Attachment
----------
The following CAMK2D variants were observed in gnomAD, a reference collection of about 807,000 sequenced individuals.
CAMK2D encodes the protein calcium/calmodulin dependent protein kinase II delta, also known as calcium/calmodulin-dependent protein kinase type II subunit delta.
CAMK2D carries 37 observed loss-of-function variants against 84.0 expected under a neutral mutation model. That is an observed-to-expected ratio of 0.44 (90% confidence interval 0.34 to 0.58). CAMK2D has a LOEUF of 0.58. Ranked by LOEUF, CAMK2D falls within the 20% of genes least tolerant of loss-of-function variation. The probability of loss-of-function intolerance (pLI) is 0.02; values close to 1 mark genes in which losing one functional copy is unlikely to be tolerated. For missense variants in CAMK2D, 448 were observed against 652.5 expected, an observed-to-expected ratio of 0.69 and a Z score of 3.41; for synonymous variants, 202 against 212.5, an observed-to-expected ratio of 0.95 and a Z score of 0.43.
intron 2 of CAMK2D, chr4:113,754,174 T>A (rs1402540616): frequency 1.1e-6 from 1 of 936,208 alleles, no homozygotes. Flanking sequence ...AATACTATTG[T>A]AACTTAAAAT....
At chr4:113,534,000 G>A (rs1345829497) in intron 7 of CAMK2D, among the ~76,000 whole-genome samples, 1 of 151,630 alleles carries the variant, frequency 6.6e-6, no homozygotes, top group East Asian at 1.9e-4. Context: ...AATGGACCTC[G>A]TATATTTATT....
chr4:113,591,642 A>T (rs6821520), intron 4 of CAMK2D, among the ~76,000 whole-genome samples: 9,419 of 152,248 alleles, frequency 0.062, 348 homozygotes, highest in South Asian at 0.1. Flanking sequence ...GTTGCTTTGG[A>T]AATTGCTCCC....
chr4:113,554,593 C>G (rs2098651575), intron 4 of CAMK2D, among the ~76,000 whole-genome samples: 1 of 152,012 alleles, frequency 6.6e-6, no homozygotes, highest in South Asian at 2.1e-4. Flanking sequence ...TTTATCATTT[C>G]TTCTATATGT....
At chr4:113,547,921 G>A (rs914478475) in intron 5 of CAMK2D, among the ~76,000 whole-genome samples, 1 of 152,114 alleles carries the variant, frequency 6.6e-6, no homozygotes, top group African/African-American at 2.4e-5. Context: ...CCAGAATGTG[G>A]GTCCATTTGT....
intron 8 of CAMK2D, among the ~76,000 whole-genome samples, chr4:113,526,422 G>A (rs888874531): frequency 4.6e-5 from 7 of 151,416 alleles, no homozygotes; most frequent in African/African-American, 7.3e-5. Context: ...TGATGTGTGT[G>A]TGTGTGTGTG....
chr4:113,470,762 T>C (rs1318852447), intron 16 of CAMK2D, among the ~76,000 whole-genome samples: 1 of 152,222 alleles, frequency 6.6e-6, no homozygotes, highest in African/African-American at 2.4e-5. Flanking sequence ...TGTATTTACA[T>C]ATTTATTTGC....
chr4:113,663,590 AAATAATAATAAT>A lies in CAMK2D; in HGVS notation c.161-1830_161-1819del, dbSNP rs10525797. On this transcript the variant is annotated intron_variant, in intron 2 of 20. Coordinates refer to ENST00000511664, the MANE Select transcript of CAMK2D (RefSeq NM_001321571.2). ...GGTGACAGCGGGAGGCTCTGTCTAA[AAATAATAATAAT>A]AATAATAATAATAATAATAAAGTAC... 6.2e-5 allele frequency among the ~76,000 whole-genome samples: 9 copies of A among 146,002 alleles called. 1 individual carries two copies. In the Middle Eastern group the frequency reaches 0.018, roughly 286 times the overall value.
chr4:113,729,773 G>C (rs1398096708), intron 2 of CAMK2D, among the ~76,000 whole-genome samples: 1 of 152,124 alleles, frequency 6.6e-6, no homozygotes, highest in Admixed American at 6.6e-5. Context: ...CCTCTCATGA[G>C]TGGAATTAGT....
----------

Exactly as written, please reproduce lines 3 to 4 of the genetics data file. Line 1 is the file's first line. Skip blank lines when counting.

CAMK2D carries 37 observed loss-of-function variants against 84.0 expected under a neutral mutation model. That is an observed-to-expected ratio of 0.44 (90% confidence interval 0.34 to 0.58). CAMK2D has a LOEUF of 0.58. Ranked by LOEUF, CAMK2D falls within the 20% of genes least tolerant of loss-of-function variation. The probability of loss-of-function intolerance (pLI) is 0.02; values close to 1 mark genes in which losing one functional copy is unlikely to be tolerated. For missense variants in CAMK2D, 448 were observed against 652.5 expected, an observed-to-expected ratio of 0.69 and a Z score of 3.41; for synonymous variants, 202 against 212.5, an observed-to-expected ratio of 0.95 and a Z score of 0.43.
intron 2 of CAMK2D, chr4:113,754,174 T>A (rs1402540616): frequency 1.1e-6 from 1 of 936,208 alleles, no homozygotes. Flanking sequence ...AATACTATTG[T>A]AACTTAAAAT....